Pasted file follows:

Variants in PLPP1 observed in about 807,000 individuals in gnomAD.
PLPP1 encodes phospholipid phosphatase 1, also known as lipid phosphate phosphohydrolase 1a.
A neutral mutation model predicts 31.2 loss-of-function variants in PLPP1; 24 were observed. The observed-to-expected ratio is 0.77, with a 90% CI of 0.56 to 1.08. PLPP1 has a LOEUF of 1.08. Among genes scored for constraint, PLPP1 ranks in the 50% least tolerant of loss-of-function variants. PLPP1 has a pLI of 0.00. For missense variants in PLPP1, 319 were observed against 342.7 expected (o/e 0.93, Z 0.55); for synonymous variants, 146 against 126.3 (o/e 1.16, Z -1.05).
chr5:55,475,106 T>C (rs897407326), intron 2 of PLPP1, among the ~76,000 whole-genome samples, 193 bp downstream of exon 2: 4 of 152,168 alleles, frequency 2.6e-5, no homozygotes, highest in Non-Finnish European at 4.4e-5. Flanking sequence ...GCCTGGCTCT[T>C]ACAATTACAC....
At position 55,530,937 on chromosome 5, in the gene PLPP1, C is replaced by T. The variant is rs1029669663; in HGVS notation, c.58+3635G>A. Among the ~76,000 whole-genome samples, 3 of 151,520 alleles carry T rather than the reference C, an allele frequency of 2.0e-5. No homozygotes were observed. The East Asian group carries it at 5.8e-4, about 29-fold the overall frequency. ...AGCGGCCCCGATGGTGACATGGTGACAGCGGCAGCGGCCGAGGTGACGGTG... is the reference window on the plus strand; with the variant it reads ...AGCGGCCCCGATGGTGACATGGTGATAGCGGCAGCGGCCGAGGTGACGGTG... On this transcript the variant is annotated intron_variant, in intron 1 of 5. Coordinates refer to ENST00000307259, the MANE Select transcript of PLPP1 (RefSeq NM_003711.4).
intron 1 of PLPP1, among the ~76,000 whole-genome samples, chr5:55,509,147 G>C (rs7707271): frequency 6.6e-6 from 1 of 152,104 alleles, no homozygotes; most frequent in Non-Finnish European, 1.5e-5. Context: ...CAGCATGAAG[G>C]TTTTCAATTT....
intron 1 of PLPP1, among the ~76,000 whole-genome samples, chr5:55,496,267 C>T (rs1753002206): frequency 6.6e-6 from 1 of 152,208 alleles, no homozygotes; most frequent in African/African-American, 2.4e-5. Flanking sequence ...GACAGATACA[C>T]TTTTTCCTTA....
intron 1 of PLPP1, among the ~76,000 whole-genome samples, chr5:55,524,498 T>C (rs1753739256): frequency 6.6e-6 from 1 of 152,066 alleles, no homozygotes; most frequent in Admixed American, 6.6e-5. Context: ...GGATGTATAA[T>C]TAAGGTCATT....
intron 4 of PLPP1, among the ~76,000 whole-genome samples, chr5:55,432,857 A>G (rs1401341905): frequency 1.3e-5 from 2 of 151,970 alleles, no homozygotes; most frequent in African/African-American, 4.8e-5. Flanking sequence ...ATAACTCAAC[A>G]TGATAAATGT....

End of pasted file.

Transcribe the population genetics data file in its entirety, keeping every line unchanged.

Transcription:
Variants in PLPP1 observed in about 807,000 individuals in gnomAD.
PLPP1 encodes phospholipid phosphatase 1, also known as lipid phosphate phosphohydrolase 1a.
A neutral mutation model predicts 31.2 loss-of-function variants in PLPP1; 24 were observed. The observed-to-expected ratio is 0.77, with a 90% CI of 0.56 to 1.08. PLPP1 has a LOEUF of 1.08. Among genes scored for constraint, PLPP1 ranks in the 50% least tolerant of loss-of-function variants. PLPP1 has a pLI of 0.00. For missense variants in PLPP1, 319 were observed against 342.7 expected (o/e 0.93, Z 0.55); for synonymous variants, 146 against 126.3 (o/e 1.16, Z -1.05).
chr5:55,475,106 T>C (rs897407326), intron 2 of PLPP1, among the ~76,000 whole-genome samples, 193 bp downstream of exon 2: 4 of 152,168 alleles, frequency 2.6e-5, no homozygotes, highest in Non-Finnish European at 4.4e-5. Flanking sequence ...GCCTGGCTCT[T>C]ACAATTACAC....
At position 55,530,937 on chromosome 5, in the gene PLPP1, C is replaced by T. The variant is rs1029669663; in HGVS notation, c.58+3635G>A. Among the ~76,000 whole-genome samples, 3 of 151,520 alleles carry T rather than the reference C, an allele frequency of 2.0e-5. No homozygotes were observed. The East Asian group carries it at 5.8e-4, about 29-fold the overall frequency. ...AGCGGCCCCGATGGTGACATGGTGACAGCGGCAGCGGCCGAGGTGACGGTG... is the reference window on the plus strand; with the variant it reads ...AGCGGCCCCGATGGTGACATGGTGATAGCGGCAGCGGCCGAGGTGACGGTG... On this transcript the variant is annotated intron_variant, in intron 1 of 5. Coordinates refer to ENST00000307259, the MANE Select transcript of PLPP1 (RefSeq NM_003711.4).
intron 1 of PLPP1, among the ~76,000 whole-genome samples, chr5:55,509,147 G>C (rs7707271): frequency 6.6e-6 from 1 of 152,104 alleles, no homozygotes; most frequent in Non-Finnish European, 1.5e-5. Context: ...CAGCATGAAG[G>C]TTTTCAATTT....
intron 1 of PLPP1, among the ~76,000 whole-genome samples, chr5:55,496,267 C>T (rs1753002206): frequency 6.6e-6 from 1 of 152,208 alleles, no homozygotes; most frequent in African/African-American, 2.4e-5. Flanking sequence ...GACAGATACA[C>T]TTTTTCCTTA....
intron 1 of PLPP1, among the ~76,000 whole-genome samples, chr5:55,524,498 T>C (rs1753739256): frequency 6.6e-6 from 1 of 152,066 alleles, no homozygotes; most frequent in Admixed American, 6.6e-5. Context: ...GGATGTATAA[T>C]TAAGGTCATT....
intron 4 of PLPP1, among the ~76,000 whole-genome samples, chr5:55,432,857 A>G (rs1401341905): frequency 1.3e-5 from 2 of 151,970 alleles, no homozygotes; most frequent in African/African-American, 4.8e-5. Flanking sequence ...ATAACTCAAC[A>G]TGATAAATGT....